The factual debate during the next six months will revolve around the threat assessment. How close is Iran to developing the ability to enrich uranium for fuel or bombs? Is there a secret weapons program? Are there secret underground facilities? What would it mean if small-scale enrichment experiments succeed?

Fortunately, we know more about Iran’s nuclear program now than we ever knew about Iraq’s (or, for that matter, those of India, Israel, and Pakistan). International Atomic Energy Agency (IAEA) inspectors have been in Iran for more than 3 years investigating all claims of weapons-related work. The United States has satellite reconnaissance, covert programs, and Iranian dissidents providing further information. The key now is to get all this information on the table for an open debate.

The administration should now declassify the information it used to estimate how long it will be until Iran has the capability to make a bomb. The Washington Post reported last August that this national intelligence estimate says Iran is a decade away. We need to see the basis for this judgment and all, if any, dissenting opinions. The congressional intelligence committees should be conducting their own reviews of the assessments, including open hearings with independent experts and IAEA officials. Influential groups, such as the Council on Foreign Relations, should conduct their own sessions and studies.

An accurate and fully understood assessment of the status and potential of Iran’s nuclear program is the essential basis for any policy. We cannot let the political or ideological agenda of a small group determine a national security decision that could create havoc in a critical area of the globe. Not again.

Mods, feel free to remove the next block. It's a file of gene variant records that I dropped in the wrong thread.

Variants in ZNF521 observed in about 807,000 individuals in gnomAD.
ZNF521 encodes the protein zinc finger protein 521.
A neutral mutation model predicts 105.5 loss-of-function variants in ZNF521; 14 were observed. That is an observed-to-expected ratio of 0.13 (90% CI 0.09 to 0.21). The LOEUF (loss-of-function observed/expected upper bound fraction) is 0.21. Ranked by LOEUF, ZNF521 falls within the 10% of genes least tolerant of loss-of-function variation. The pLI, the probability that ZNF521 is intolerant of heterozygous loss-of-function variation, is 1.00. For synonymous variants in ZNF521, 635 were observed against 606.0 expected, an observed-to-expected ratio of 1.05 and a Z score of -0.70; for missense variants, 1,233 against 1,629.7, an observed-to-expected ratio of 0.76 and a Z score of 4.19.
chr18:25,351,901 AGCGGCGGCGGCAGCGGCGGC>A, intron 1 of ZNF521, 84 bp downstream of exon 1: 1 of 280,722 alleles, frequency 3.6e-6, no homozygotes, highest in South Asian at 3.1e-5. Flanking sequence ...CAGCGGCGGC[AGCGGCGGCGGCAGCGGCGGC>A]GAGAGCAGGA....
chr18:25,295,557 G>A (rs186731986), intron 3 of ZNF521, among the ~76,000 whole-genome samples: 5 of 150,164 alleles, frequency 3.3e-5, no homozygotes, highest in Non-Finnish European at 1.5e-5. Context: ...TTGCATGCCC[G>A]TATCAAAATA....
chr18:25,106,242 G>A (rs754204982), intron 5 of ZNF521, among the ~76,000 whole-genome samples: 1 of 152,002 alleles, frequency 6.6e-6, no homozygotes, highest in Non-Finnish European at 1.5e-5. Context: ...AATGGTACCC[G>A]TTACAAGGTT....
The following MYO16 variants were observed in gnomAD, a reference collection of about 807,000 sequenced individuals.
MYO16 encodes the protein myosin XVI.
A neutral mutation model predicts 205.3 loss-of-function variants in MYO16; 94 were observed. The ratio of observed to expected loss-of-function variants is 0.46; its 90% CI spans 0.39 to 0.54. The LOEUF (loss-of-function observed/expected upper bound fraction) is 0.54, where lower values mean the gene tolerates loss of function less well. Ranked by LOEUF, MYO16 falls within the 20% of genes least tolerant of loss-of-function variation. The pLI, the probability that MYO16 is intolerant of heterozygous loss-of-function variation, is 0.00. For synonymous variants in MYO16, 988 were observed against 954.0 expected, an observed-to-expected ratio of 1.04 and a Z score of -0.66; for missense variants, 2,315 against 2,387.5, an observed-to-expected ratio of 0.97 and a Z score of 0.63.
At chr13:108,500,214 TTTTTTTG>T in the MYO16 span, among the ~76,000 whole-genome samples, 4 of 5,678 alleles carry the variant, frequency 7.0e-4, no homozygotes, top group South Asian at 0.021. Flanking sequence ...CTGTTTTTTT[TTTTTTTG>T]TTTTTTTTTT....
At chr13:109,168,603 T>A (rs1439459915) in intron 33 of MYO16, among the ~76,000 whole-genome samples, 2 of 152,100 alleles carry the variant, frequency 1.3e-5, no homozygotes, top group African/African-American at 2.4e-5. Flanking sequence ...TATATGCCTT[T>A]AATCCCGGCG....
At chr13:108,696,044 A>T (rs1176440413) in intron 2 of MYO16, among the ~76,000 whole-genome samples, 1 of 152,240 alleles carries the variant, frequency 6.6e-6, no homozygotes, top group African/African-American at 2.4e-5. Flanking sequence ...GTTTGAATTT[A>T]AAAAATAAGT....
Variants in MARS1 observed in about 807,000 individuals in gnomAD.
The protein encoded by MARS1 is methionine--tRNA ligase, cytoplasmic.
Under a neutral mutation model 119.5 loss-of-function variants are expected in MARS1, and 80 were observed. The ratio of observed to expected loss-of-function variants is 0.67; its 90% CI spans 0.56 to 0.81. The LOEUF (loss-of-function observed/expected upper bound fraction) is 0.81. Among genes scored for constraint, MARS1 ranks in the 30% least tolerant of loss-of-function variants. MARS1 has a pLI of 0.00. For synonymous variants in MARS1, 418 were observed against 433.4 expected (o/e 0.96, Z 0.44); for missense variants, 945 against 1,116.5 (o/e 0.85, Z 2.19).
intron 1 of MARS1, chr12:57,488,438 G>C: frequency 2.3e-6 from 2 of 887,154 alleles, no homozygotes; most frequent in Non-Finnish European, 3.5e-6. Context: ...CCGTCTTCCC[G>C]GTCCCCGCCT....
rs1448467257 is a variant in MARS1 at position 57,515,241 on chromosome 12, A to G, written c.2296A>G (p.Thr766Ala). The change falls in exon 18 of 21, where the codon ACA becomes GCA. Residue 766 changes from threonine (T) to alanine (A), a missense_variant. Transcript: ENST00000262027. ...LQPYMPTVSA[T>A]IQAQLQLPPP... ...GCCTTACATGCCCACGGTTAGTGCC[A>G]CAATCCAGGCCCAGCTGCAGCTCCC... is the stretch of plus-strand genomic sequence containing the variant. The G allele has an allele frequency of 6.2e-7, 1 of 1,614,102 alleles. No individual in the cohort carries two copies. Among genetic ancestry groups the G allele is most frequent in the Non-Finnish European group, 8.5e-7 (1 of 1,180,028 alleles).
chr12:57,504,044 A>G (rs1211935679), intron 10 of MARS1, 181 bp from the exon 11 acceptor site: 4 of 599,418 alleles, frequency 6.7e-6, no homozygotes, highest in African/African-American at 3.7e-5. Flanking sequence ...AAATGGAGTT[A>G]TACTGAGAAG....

Joseph Cirincione is director for non-proliferation at the Carnegie Endowment for International Peace.


Monday, April 24, 2006

Essential that we do whatever possible to prevent a war on Iran


By Haleh Afshar, University of York, Ziba Mir-Hosseini, London Middle East Institute, Elaheh Rostami-Povey, School of Oriental and African Studies, University of London

Sir, as three Iranian British academics, we are writing to express our grave concerns about the growing threat of war against Iran. It is essential that we do whatever is possible to prevent such a disaster.

We would like to clear a number of misunderstandings about Iran. As a signatory to the non-proliferation treaty (NPT), Iran asserts its right under Article IV of the NPT to develop nuclear energy for peaceful purposes.

The announcement last week of a nuclear breakthrough is part of this right and is intended for peaceful purposes.

Iran has complied with Articles I and II of the NPT not to acquire nuclear weapons, and Article III, where it accepts full safeguards. It has signed the NPT additional protocol and has allowed intrusive inspections beyond what is required by compliance with the NPT. Numerous inspections by the International Atomic Energy Agency have failed to provide any shred of evidence that Iran has a nuclear weapons programme.

Iran has repeatedly announced that it is committed to replace the course of confrontation with good-faith interaction and negotiations, as equal partner, for a peaceful solution to its nuclear issue. It has stated its commitment to non-proliferation and to the elimination of nuclear weapons, and considers nuclear weapons detrimental to its security.

It has declared its readiness to abide by its obligations under the NPT and to work for the establishment of a zone free from weapons of mass destruction in the Middle East. It has invited the west and the world for cultural and technological collaboration.

Iran strongly condemned the September 11 attack and participated in overthrowing the Taliban regime in late 2001. In return, under the pressure of the neoconservatives in the US and their supporters globally, Iran has faced intimidation based on speculations about its intention of producing WMD.

For the majority of Iranians in Iran and outside Iran, this hostility towards Iran is about returning Iran to a client state for the benefit of US oil corporations and denying Iran's rights to research and development for generating electricity in the future, independently.